Embryo-sparing ART1

It might be said that there is a difference - those who engage in assisted reproduction engage in the destruction of embryos at a greater rate than need be. Those who engage in sex are not engaged in the destruction of embryos at a greater rate than is required for the outcome they seek. It would be inter- esting to know whether, if creating a single embryo by IVF2 became a reliable technique pro-life supporters would feel obliged to use this method rather than sexual reproduction because of its embryo-sparing advantages. It looks as though there would indeed be a strong moral obligation to abandon natural procreation3 and use only embryo-sparing ART.

Consider a fictional IVF scenario. A woman has two fertilised eggs and is told it is certain that if she implants both only one will survive but that if she implants only one it will not survive. Would she be wrong to implant two embryos to ensure a successful singleton pregnancy4? This example is of course fictional only in terms of the degree of certainty supposed. It is good practice in IVF to implant two or three embryos in the hope of achieving the successful birth of one child. Thus in normal IVF as in normal sexual reproduction the creation and 'sacrifice' of embryos in pursuit of a live child is not only accepted as necessary but is part of the chosen means for achieving the objective. Most people would I believe judge this to be permissible and indeed it is what often happens in successful IVF pregnancies where up to three embryos are implanted in the hope of one live birth. Even in Germany where stem cell research using embryos is currently banned and where legal protections for the embryo are enshrined5 in the constitution, IVF is permitted and it is usual to implant three embryos in the hope and expectation of achieving no more than a single live birth.

Even if we could accurately predict in advance which embryos would survive and which would not, the ethics would not change. Suppose that for some biological reason there was a condition which required that in order for one embryo to implant it was necessary to introduce a companion embryo which would not, and we could tell in advance which would be which. It is difficult to imagine how or why this fact would alter the ethics of the procedure; it would remain the case that one must die in order that the other survives. If people in this condition wanted ART would we judge it unethical to provide it to them but not to 'normal' IVF candidates when the 'costs' were the same in each case - namely the loss of one embryo in pursuit of a healthy birth.

It might be objected that the parallel with sexual reproduction is like saying that because we know that road traffic causes thousands of deaths per year, to drive a car is to accept that the sacrifice of thousands of lives in almost every country, for example, is a price worth paying for the institution of motor transport. This might seem a telling analogy showing that we do not willingly accept the inevitable consequences of what we do. There are, of course, many disanalogous features of the purported reductio ad absurdum6 comparison with road deaths. The vast majority of drivers will go all their lives without having an injury causing incident let alone a fatality, and the probability of any individual causing a death once exacerbating7 factors such as alcohol use and reckless fatigue are taken into account is vanishingly small by any standards and insignificant when compared with the high risk of production of embryos in unprotected sex between fertile partners. However, suppose an individual knew that despite a long driving career without accidents today is the day that either they will surely be involved in a fatal accident and cause someone's death or that the probability of this happening is very high indeed. Would it be conceivable that it might be permissible, let alone ethical, to drive today? And yet that is the situation with normal sexual intercourse, at least for those who regard the embryo as protected.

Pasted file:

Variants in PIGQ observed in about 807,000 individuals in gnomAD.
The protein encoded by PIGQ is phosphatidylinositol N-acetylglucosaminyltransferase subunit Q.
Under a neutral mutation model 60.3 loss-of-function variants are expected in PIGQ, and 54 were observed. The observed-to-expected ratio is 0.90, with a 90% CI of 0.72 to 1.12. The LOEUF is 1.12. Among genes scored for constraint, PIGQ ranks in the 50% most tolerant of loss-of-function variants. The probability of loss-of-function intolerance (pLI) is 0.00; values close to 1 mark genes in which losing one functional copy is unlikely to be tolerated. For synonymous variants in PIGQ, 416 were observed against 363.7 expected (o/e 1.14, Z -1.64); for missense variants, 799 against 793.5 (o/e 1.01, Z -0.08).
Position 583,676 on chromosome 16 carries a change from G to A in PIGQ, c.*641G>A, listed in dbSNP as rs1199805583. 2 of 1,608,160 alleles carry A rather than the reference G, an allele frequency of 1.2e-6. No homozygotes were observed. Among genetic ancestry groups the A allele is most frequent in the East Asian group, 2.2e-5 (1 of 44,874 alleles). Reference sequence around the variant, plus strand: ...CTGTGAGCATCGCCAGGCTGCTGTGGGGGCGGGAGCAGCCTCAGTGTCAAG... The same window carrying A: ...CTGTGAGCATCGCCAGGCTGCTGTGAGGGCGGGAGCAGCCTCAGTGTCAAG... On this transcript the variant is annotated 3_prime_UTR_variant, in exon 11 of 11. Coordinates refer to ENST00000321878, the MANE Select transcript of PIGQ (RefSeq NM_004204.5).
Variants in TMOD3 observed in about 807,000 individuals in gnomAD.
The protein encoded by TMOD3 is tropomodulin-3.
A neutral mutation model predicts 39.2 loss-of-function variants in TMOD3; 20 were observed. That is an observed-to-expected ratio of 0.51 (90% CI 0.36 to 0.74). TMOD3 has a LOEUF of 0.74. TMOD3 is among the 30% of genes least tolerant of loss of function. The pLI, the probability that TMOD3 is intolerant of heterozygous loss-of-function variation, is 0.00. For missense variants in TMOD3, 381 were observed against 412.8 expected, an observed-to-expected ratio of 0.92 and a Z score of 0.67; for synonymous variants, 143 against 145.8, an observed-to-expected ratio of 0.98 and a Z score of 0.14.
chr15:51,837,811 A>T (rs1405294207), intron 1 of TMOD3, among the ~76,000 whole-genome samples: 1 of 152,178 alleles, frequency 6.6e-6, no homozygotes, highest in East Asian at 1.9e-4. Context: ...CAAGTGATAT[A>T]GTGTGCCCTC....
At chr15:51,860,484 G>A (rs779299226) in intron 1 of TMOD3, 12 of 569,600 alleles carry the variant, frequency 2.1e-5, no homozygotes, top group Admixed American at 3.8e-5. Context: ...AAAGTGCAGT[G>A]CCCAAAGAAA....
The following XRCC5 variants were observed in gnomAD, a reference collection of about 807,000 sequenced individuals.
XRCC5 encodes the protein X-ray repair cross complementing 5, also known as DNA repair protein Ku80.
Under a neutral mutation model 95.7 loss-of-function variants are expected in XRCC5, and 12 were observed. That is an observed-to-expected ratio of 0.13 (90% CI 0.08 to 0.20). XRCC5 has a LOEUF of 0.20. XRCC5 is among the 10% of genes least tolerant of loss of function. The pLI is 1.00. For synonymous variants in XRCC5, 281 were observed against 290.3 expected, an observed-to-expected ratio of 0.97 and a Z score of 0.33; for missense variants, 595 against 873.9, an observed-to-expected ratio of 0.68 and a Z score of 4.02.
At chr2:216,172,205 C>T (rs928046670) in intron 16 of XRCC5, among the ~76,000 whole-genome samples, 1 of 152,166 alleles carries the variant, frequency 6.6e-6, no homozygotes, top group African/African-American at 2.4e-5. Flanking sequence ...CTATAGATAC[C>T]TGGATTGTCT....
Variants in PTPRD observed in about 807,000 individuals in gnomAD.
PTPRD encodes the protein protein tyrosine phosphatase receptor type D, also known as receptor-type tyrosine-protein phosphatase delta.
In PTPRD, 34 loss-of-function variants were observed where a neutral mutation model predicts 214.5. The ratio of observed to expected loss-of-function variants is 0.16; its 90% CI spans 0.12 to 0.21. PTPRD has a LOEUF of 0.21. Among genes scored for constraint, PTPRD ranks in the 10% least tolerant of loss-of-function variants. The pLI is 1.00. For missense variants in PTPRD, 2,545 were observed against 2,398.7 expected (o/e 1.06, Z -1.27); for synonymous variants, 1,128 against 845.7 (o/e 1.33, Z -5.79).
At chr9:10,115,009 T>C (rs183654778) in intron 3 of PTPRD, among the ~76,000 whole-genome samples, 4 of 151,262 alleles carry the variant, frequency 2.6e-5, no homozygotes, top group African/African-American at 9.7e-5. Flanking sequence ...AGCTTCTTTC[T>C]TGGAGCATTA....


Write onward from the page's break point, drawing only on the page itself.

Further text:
710 words

Source: On Cloning by John Harris, Taylor&Francis, 2004; pp. 133-135

1. ART = assisted reproduction technology
2. IVF = in vitro fertilization (künstliche Befruchtung)
3. procreation = Zeugung, Nachwuchs
4. pregnancy = Schwangerschaft
5. enshrined = verankert
6. reductio ad absurdum = lat.: für Zurückführung auf das widrig Klingende, Ungereimte, Unpassende, Sinnlose. Bei der Reductio ad absurdum wird eine Aussage widerlegt, indem gezeigt wird, dass aus ihr entweder ein logischer Widerspruch oder ein Widerspruch zu einer bereits anerkannten These folgt.
7. to exacerbate= verschlimmern

1. Pro-life supporters oppose the use of embryos and stem cells even for therapeutical ends. According to the text, is their opinion convincing?
2. Why do you think is stem cell research using embryos forbidden in Germany, butIVF allowed although embryos are sacrified?
3. Describe the analogy between the destruction of embryos and the death toll through road traffic in your own words, and say if this is a lame comparison
4. What is your opinion on cloning using embryos and stem cells. Should scientists be given more freedom in doing research with them?

amazon.de On Cloning
John Harris

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